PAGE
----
This series, brought to you by Yahoo! Finance, looks at which upgrades and downgrades make sense and which ones investors should act on. Today, our headlines feature new buy ratings for Microsoft (NASDAQ:MSFT) and Allison Transmission (NYSE:ALSN). On the other hand, Alcoa (NYSE:AA)...

"... should trade at a discount"
That's the conclusion that Nomura Securities came to this morning, at least. The aluminum giant reported Q4 and full-year earnings yesterday, and while management touted its results as delivering "strong operating performance," Alcoa nonetheless missed  analyst targets by more than 30%, reporting only $0.04 per share earned in the quarter.

Quoted on this morning, Nomura is seen praising Alcoa for showing "positive momentum in the downstream segments," which the analyst calls "highly valuable." In the company's Q4 report, Alcoa pointed out that it's now getting 80% of its operating profits from downstream, value-added aluminum products, despite these accounting for only 57% of its revenues.

Yet even so, Nomura notes that these valuable assets "are unlikely to be spun off from the parent." Nomura argues that Alcoa should not receive full credit for the "sum of the parts" of these operations, but rather should be dinged with a SOTP discount for leaving them trapped within a less profitable upstream aluminum superstructure. Predicting that the company will earn only $0.28 per share in fiscal 2014, the Nomura continues to rate Alcoa only neutral -- and says the shares are really only worth about $8 -- 20% below where they trade today.

I agree. In fact, I'd go even farther. Given that Alcoa is currently unprofitable, but assuming that Nomura is right about this year's earnings coming in at $0.28, this works out to a price-to-earnings ratio of about 36 on the stock. This might seem a fair price to pay, since analysts predict the stock will grow its earnings at 38% annually over the next five years. But there are two problems with this thesis:

First: 38% annual earnings growth? For a smokestack industry aluminum smelter? Not likely.

And second: If you factor Alcoa's debt into the picture, the company's enterprise value is currently 49 times this year's projected earnings. Even if you buy the 38% growth argument (and I don't), that's clearly too high a price to pay.

Transmission read: "Buy!"
Sticking with the smokestack industries a while longer, we turn now to Allison Transmission, which this morning received a new buy rating from Longbow Research. Priced at 38 times earnings, Allison actually costs a bit more than does Alcoa. Yet according to Longbow, this $27 stock is likely to rise to $33 per share over the next 12 months. Is it right?

Maybe, but more likely not. On the one hand, at 38 times earnings, but with projected earnings growth of less than 9%, Allison looks like a pretty expensive stock. What these numbers don't tell you, though, is that over the past year, Allison has generated more than two-and-a-half times as much real free cash flow ($356 million) as it has reported as GAAP net income ($134 million). As a result, with a price-to-free cash flow ratio of just 14, Allison is not nearly as overvalued as its P/E ratio makes it appear.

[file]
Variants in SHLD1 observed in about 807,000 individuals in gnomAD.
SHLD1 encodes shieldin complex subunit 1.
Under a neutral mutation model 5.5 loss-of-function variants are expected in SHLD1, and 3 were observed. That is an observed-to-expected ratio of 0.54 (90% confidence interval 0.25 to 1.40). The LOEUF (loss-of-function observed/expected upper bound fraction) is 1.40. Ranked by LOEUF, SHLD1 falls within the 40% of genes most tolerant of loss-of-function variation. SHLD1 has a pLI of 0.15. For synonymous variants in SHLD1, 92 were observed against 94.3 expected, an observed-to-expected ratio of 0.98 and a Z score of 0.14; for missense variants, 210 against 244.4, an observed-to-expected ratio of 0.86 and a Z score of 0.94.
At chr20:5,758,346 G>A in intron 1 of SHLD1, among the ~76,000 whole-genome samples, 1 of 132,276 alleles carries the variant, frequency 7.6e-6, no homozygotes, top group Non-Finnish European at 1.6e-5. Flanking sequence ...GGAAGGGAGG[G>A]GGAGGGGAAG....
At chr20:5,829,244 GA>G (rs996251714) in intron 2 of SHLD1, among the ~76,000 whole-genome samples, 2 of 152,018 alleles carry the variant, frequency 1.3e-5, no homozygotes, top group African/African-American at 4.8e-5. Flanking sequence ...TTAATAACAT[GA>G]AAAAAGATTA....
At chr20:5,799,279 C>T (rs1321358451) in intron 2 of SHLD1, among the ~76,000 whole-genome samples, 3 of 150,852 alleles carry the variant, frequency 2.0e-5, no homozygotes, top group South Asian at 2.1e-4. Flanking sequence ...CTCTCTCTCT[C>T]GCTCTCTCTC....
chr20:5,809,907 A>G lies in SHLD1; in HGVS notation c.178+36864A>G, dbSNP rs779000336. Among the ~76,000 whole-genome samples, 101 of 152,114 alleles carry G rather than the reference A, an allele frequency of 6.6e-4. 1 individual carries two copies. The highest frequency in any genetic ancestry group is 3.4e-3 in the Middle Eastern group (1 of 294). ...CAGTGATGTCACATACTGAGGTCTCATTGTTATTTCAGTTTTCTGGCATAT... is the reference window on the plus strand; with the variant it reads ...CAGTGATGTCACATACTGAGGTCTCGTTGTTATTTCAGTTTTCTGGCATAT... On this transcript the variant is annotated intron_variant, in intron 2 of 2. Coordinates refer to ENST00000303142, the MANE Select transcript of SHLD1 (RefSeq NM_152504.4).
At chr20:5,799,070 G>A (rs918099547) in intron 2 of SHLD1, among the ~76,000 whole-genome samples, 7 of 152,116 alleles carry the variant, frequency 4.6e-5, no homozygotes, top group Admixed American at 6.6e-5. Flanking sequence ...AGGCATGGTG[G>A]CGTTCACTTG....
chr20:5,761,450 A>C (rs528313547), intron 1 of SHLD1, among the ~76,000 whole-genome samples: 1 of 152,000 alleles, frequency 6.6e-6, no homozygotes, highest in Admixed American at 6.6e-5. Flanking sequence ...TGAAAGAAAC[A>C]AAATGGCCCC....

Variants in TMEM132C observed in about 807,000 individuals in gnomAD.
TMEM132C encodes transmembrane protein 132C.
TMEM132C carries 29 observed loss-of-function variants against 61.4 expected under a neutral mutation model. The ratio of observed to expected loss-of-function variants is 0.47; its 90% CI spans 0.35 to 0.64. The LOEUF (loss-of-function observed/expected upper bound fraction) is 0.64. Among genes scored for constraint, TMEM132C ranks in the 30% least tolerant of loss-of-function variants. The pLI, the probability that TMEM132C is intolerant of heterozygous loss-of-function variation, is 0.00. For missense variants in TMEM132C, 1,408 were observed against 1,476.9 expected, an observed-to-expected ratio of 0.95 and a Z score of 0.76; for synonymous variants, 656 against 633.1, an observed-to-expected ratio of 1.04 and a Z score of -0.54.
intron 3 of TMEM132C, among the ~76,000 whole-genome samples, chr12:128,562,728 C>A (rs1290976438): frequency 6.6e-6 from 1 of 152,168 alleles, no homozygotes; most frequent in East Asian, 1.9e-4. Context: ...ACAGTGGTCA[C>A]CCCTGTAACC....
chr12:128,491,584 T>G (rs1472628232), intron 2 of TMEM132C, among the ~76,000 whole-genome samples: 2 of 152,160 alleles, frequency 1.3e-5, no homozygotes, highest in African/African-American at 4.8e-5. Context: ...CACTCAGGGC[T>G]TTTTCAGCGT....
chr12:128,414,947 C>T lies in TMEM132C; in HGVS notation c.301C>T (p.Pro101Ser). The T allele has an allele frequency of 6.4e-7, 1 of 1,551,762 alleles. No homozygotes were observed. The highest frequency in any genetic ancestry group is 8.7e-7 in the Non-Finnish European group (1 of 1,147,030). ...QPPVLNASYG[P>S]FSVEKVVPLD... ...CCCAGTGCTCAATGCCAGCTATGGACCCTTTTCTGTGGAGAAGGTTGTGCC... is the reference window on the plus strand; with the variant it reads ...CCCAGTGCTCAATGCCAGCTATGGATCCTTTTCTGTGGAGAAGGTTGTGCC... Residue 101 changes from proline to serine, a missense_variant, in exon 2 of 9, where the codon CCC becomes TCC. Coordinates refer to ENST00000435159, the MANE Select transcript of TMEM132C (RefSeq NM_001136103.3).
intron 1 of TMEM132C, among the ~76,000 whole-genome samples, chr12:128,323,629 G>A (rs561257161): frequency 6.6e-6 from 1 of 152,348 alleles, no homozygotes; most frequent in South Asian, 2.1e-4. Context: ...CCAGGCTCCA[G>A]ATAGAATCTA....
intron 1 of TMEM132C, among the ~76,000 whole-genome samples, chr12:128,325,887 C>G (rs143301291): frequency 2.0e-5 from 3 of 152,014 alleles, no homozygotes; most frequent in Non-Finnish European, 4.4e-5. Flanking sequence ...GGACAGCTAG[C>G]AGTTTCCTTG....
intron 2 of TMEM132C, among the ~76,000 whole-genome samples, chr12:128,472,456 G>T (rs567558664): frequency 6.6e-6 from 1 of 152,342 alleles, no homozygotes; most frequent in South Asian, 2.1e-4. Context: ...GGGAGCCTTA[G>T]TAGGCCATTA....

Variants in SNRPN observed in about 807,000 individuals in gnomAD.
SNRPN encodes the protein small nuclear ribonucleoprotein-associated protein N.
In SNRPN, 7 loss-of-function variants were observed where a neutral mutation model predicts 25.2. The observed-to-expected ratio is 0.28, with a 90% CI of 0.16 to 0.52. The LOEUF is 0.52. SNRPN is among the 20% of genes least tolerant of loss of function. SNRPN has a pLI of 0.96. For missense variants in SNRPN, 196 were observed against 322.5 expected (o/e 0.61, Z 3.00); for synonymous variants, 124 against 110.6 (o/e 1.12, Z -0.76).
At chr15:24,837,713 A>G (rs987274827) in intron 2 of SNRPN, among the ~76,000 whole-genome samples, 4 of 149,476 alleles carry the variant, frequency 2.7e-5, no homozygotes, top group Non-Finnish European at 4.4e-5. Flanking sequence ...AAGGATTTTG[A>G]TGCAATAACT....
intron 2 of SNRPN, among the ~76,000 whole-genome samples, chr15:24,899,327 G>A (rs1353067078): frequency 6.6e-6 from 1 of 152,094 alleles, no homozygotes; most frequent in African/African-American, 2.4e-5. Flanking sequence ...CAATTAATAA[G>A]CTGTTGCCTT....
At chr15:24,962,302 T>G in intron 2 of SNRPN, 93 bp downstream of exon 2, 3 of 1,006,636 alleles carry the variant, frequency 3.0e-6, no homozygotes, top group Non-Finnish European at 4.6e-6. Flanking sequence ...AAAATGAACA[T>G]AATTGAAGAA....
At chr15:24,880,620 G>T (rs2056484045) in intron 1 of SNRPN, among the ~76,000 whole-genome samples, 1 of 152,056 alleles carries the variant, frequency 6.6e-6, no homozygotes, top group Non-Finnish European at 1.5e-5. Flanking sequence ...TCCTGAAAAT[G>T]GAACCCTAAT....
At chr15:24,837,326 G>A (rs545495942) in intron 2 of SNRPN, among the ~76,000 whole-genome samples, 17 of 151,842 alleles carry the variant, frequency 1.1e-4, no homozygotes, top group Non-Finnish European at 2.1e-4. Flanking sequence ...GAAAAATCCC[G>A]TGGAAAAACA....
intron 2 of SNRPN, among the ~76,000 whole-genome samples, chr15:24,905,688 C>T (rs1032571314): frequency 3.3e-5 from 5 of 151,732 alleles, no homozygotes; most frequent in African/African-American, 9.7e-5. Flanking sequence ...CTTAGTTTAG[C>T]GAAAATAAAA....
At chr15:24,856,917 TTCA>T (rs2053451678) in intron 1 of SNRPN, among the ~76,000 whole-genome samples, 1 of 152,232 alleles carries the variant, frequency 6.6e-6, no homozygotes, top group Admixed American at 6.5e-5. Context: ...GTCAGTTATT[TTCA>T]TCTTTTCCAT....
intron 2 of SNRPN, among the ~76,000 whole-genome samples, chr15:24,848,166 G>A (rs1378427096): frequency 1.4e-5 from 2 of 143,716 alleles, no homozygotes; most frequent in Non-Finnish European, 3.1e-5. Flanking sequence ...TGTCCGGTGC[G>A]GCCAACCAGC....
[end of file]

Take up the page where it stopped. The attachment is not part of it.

The problem, though, is that 14 times FCF is still too much to pay for a sub-9% grower. Plus, the company carries a substantial $2.5 billion net debt load. Factor that into the valuation picture, and I'm afraid Allison stock still looks quite overpriced -- and Allison's chances of returning the 22% profit that Longbow is promising, exceedingly slim.

Time for Mr. Softy to shine?
And finally, today, let's end on a more optimistic note -- about Microsoft. This morning, Brit banker Barclays announced it has decided to upgrade Microsoft to overweight. Its theory being that investors have overreacted to Alan Mulally's announcement that he won't be abandoning Ford to ride to Microsoft's rescue -- and are missing the story of Microsoft's improving business prospects elsewhere.

While admitting that Microsoft faces some headwinds from a PC industry in decline, Barclays is optimistic about several trends at Microsoft. Citing reports from market researcher Gartner that "cloud services" will grow into a $200 billion annual market over the next two years, Barclays points out that between Azure and Office 365, Microsoft is now raking in about $2 billion a year in cloud revenue, with Azure in particular growing at a 100% annual clip.

Barclays also likes the growth prospects for Surface touchscreen computers and Lumia smartphones. According to the banker, other analyst expectations for these businesses are "now so low that upside could start to show in the coming quarters, while Windows comps are also getting easier."

Personally, I don't know whether all of these predictions will pan out as planned. But I have to say that Microsoft's valuation looks enticing. Priced at just 13.4 times earnings today, Microsoft is so flush with cash that, excluding cash and debt, its P/E drops to just 10.4. Meanwhile, free cash flow continues to exceed reported net income, with the result that if you value the company on its enterprise value to FCF, the ratio drops even further, to just 9.9.

Call me an incurable optimist, but if Microsoft just hits consensus growth targets of 7% and maintains its current dividend payout of 3.1%, this is enough to make the stock fairly valued at worst, and a bargain at best.

Fool contributor Rich Smith has no position in any stocks mentioned. The Motley Fool recommends and owns shares of Ford. It also owns shares of Microsoft.